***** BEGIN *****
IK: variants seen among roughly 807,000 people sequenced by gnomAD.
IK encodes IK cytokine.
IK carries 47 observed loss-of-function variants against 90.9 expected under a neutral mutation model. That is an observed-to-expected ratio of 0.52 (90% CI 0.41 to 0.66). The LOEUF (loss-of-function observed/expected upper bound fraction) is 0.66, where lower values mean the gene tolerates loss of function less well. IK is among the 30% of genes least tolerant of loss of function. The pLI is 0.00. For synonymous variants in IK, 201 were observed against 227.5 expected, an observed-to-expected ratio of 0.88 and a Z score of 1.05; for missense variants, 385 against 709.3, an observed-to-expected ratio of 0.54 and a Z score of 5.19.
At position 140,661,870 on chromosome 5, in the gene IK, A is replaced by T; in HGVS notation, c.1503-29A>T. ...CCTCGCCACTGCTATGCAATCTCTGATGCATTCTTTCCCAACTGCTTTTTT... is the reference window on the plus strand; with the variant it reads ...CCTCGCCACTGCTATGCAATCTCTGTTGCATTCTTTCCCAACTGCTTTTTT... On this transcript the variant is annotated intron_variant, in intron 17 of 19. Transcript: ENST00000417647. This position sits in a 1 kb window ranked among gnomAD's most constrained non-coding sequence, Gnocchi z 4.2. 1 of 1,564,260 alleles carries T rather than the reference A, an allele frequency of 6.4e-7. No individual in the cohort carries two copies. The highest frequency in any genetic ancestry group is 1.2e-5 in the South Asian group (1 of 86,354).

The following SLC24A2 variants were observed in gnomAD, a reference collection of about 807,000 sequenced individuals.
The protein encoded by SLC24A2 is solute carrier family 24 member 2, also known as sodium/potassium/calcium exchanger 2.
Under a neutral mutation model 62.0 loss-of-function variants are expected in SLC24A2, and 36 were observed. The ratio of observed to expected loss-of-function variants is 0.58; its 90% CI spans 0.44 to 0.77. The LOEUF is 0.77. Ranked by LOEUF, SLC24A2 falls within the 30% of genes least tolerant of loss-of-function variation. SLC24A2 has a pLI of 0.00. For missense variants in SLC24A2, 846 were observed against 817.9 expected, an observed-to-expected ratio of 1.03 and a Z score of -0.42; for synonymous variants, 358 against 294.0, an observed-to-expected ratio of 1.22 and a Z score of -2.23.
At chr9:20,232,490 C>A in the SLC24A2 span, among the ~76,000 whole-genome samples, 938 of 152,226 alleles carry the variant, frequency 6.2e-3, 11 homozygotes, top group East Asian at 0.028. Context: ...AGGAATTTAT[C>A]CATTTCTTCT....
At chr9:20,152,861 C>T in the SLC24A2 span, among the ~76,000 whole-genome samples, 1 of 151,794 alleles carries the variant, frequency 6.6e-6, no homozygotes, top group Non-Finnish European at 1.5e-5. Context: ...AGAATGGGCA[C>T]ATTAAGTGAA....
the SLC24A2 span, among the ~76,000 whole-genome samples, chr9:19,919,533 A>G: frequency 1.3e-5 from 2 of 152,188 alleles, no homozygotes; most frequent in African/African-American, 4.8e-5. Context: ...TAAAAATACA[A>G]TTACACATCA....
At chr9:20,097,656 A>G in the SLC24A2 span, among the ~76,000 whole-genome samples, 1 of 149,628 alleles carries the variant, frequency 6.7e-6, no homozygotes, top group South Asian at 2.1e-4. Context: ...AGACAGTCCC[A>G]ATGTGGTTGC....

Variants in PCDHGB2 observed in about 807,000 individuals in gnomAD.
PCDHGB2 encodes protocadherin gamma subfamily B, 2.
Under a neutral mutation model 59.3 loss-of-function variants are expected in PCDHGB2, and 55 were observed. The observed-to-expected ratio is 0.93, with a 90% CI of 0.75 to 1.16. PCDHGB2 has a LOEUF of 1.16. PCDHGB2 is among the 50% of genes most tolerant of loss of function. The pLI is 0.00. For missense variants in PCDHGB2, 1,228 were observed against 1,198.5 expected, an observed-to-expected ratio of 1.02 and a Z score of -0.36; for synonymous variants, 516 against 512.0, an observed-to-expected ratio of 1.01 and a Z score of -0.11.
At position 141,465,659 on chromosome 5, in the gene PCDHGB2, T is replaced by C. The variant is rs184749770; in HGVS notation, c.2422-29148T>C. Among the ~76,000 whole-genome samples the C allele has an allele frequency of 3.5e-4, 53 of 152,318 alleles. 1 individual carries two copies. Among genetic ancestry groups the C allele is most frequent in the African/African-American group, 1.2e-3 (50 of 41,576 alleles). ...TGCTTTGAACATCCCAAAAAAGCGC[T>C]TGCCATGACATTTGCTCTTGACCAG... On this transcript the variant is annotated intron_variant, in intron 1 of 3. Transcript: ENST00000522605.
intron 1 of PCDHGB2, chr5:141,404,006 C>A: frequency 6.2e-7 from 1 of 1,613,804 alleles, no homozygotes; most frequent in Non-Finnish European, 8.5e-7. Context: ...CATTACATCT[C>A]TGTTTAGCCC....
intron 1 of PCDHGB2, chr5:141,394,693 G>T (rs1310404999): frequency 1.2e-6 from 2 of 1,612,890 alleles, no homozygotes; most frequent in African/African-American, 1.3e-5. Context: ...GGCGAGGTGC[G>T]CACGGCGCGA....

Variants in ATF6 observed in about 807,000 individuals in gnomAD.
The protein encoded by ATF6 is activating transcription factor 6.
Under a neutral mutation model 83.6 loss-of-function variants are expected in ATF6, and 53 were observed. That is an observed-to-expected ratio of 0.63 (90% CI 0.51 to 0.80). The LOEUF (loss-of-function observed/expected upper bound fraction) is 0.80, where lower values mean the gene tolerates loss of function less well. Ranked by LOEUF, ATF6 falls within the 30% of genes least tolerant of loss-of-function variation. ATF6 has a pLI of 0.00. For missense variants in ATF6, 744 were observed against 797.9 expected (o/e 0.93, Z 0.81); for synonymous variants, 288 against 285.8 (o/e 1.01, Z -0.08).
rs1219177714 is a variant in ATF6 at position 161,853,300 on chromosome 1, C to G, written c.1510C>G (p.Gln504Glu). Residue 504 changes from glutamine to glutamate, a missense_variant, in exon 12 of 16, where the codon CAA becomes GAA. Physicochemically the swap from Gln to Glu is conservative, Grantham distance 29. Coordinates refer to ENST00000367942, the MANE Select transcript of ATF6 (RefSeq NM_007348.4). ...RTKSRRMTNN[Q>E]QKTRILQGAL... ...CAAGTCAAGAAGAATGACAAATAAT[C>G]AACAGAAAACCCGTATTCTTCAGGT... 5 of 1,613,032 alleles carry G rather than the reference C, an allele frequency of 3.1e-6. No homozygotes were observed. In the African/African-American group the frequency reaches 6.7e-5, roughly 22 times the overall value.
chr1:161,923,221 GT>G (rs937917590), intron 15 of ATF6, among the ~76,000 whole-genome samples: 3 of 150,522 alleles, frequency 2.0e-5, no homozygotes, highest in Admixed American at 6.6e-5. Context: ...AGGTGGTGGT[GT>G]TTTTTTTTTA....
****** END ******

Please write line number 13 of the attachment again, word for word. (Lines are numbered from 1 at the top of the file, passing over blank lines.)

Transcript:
PCDHGB2 encodes protocadherin gamma subfamily B, 2.